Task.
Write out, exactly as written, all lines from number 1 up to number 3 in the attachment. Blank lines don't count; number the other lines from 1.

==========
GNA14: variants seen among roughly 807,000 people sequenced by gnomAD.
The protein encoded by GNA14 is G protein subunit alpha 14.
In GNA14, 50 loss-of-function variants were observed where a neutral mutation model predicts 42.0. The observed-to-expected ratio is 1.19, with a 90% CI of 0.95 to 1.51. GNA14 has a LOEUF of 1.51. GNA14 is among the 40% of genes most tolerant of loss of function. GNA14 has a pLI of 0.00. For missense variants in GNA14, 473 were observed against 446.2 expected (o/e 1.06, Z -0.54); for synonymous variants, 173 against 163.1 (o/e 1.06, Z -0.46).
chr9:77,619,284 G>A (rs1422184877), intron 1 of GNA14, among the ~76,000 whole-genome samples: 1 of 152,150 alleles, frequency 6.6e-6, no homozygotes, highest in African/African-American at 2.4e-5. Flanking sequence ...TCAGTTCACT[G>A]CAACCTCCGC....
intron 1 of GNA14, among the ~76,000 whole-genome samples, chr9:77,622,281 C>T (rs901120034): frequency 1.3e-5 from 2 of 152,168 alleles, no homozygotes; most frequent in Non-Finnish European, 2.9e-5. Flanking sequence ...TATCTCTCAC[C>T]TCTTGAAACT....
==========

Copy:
GNA14: variants seen among roughly 807,000 people sequenced by gnomAD.
The protein encoded by GNA14 is G protein subunit alpha 14.
In GNA14, 50 loss-of-function variants were observed where a neutral mutation model predicts 42.0. The observed-to-expected ratio is 1.19, with a 90% CI of 0.95 to 1.51. GNA14 has a LOEUF of 1.51. GNA14 is among the 40% of genes most tolerant of loss of function. GNA14 has a pLI of 0.00. For missense variants in GNA14, 473 were observed against 446.2 expected (o/e 1.06, Z -0.54); for synonymous variants, 173 against 163.1 (o/e 1.06, Z -0.46).